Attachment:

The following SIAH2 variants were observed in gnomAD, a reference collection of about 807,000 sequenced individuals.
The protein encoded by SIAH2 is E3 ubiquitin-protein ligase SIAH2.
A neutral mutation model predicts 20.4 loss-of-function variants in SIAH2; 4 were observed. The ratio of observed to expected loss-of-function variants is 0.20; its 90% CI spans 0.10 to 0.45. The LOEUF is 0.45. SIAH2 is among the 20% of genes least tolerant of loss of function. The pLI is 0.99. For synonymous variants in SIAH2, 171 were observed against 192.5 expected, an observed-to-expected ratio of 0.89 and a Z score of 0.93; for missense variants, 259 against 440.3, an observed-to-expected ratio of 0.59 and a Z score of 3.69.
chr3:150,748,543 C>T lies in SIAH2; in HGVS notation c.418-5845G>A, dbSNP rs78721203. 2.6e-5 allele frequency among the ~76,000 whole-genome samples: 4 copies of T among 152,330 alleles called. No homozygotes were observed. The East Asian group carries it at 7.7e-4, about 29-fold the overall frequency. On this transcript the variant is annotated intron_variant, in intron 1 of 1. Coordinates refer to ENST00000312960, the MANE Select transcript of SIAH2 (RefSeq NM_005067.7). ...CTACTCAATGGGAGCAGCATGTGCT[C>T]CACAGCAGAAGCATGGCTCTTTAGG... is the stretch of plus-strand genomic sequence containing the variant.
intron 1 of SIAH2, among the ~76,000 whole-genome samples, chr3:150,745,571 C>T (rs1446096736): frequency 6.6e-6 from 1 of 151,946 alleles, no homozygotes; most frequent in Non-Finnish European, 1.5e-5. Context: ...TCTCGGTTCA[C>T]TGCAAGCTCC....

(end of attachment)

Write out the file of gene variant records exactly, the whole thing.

The following SIAH2 variants were observed in gnomAD, a reference collection of about 807,000 sequenced individuals.
The protein encoded by SIAH2 is E3 ubiquitin-protein ligase SIAH2.
A neutral mutation model predicts 20.4 loss-of-function variants in SIAH2; 4 were observed. The ratio of observed to expected loss-of-function variants is 0.20; its 90% CI spans 0.10 to 0.45. The LOEUF is 0.45. SIAH2 is among the 20% of genes least tolerant of loss of function. The pLI is 0.99. For synonymous variants in SIAH2, 171 were observed against 192.5 expected, an observed-to-expected ratio of 0.89 and a Z score of 0.93; for missense variants, 259 against 440.3, an observed-to-expected ratio of 0.59 and a Z score of 3.69.
chr3:150,748,543 C>T lies in SIAH2; in HGVS notation c.418-5845G>A, dbSNP rs78721203. 2.6e-5 allele frequency among the ~76,000 whole-genome samples: 4 copies of T among 152,330 alleles called. No homozygotes were observed. The East Asian group carries it at 7.7e-4, about 29-fold the overall frequency. On this transcript the variant is annotated intron_variant, in intron 1 of 1. Coordinates refer to ENST00000312960, the MANE Select transcript of SIAH2 (RefSeq NM_005067.7). ...CTACTCAATGGGAGCAGCATGTGCT[C>T]CACAGCAGAAGCATGGCTCTTTAGG... is the stretch of plus-strand genomic sequence containing the variant.
intron 1 of SIAH2, among the ~76,000 whole-genome samples, chr3:150,745,571 C>T (rs1446096736): frequency 6.6e-6 from 1 of 151,946 alleles, no homozygotes; most frequent in Non-Finnish European, 1.5e-5. Context: ...TCTCGGTTCA[C>T]TGCAAGCTCC....